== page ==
Street Parking - A Hidden Neighborhood Pitfall

Posted by Jerad Cox on Saturday, November 14th, 2015 at 11:51am.

Edmonton Street Parking

Prime Edmonton Real Estate - Street parking is something that many Edmontonians take for granted. Although there has been a big push for increased public transit use, the city is still primarily a vehicle driven transportation city. As neighborhood designs change and the downtown core becomes more concentrated, parking has become more and more of an issue for home buyers.

Here are a few areas where you can expect more parking issues than usual:

  • Downtown - The days of free street parking all day to encourage people to come downtown have far passed by. Over the past few years the city has decreased lengths of visitor parking time, increased the costs, and created new metering systems to increase accountability to those who park in the city's core.
  • 1 way streets - There are a few residential streets that have been converted into 1 way streets to discourage the amount of traffic flow through the area. However, what this also does is halve the amount of parking spaces available for those who live in the area. Be aware of these areas as it is often difficult to find parking nearby.
  • Popular destination neighborhoods - Often home buyers want to be near areas such as Garneau, Strathcona, or Glenora for its proximity to trendy area such as Whyte Ave or the 124 Street business hub. During busy times these same people will have to deal with the parking issues that exist because of the area's popularity.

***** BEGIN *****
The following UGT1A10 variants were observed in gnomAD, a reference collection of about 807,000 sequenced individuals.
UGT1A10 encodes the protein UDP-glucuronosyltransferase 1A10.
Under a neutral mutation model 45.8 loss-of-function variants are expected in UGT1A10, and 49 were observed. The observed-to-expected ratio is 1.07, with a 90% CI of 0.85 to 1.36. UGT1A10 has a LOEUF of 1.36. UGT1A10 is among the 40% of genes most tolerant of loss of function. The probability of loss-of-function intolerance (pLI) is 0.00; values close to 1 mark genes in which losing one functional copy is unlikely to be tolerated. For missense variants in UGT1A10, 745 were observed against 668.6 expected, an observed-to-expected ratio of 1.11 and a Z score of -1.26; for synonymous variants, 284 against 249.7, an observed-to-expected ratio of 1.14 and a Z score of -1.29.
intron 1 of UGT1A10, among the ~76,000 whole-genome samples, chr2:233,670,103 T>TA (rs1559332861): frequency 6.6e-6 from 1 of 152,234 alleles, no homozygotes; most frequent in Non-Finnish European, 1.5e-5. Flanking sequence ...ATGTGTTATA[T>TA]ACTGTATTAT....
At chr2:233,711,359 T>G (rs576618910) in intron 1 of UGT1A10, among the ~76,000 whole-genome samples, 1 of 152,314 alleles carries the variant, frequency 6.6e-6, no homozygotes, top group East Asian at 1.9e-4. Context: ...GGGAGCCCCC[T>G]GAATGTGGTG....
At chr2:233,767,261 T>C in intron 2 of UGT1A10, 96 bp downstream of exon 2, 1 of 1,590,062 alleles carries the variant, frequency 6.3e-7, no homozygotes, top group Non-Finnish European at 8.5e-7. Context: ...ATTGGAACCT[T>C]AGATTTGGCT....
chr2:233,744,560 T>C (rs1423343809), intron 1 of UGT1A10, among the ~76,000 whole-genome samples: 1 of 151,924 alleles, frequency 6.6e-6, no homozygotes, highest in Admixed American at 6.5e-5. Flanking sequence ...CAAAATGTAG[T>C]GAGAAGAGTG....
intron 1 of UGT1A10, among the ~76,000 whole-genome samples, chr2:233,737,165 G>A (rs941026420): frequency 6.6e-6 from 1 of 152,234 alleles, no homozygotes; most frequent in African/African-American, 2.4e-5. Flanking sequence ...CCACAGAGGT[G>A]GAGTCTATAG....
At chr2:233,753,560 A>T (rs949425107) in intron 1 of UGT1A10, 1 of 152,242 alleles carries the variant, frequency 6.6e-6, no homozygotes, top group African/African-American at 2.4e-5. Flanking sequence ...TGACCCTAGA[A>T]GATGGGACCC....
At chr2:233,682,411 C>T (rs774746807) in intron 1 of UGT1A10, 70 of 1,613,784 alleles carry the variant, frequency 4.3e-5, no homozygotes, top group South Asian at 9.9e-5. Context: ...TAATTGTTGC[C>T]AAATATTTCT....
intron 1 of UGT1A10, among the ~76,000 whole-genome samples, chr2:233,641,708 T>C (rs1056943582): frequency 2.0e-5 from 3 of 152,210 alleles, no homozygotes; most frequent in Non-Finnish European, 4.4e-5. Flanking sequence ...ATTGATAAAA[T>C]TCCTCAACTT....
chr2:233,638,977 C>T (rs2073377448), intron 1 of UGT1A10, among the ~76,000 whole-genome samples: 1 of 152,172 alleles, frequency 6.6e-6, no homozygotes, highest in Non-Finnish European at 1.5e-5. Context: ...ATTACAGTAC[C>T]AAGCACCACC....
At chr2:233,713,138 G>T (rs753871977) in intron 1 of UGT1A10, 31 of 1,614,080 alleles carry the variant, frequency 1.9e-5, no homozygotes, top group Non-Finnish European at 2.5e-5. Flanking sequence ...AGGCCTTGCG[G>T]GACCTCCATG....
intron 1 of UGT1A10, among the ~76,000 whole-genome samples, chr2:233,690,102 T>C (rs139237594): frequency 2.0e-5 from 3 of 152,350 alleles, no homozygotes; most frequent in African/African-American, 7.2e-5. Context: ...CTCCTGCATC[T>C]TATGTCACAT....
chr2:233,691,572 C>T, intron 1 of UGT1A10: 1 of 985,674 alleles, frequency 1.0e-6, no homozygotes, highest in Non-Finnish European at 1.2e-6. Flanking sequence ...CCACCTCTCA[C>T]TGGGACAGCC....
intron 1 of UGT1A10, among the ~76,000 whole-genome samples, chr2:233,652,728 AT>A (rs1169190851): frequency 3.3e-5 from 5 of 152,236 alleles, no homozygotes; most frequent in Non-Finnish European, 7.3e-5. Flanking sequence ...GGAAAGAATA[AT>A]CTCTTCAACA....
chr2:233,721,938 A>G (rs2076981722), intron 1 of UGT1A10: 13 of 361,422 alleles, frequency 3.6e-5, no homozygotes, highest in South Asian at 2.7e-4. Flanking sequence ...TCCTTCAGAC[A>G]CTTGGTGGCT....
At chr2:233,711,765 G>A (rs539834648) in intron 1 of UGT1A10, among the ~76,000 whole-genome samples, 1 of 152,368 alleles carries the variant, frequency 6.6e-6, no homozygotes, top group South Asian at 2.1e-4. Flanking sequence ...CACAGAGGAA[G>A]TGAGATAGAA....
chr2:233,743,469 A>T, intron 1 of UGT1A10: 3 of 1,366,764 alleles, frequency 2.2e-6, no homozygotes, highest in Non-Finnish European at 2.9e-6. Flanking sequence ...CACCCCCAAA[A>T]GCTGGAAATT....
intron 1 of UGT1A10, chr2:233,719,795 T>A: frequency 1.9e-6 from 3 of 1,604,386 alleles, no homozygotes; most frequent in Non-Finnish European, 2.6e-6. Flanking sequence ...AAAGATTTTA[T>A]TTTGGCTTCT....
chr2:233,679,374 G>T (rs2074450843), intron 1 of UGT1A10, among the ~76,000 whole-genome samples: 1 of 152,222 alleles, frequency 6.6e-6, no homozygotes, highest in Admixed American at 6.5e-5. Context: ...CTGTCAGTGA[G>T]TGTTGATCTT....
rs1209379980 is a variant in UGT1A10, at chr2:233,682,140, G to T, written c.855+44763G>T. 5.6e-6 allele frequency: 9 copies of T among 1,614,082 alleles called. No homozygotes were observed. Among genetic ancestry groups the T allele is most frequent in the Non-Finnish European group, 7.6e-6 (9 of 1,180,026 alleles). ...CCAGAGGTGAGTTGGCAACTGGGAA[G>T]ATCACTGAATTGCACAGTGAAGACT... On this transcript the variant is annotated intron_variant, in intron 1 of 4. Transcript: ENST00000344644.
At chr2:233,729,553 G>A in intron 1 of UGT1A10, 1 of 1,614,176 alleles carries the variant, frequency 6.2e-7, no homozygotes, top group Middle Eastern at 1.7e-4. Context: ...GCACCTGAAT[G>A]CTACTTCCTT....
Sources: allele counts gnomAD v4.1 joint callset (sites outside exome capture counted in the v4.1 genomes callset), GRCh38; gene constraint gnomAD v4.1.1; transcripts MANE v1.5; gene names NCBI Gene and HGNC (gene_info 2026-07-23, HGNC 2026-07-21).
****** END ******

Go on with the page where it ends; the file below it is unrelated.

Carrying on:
• Newer keyholes/cul de sacs - These rounded streets usually have pie shaped lots that are narrow at the front and widen as they go back, with front attached garages and driveways. The result of this design is that there is no street parking available for guests outside of the owners driveway itself.
  • Skinny/Small lot neighborhoods - A skinny(or small) lot is a lot that is usually between 27 to 33 feet in width. Developers love these skinnier lots because they can put more single family detached homes on them, maximizing profit while providing the homes for a somewhat lesser amount. However, what this also does increase the number of street parked vehicles as well, causing more parking issues and traffic congestion relative to older areas.

If you are a car or truck driver, you will want to live somewhere that has parking nearby, especially if you have small children or family members with mobility issues. Having garages are always the easiest way to circumvent parking issues, but make sure that you are aware of these parking pitfalls when looking at buying your next home!

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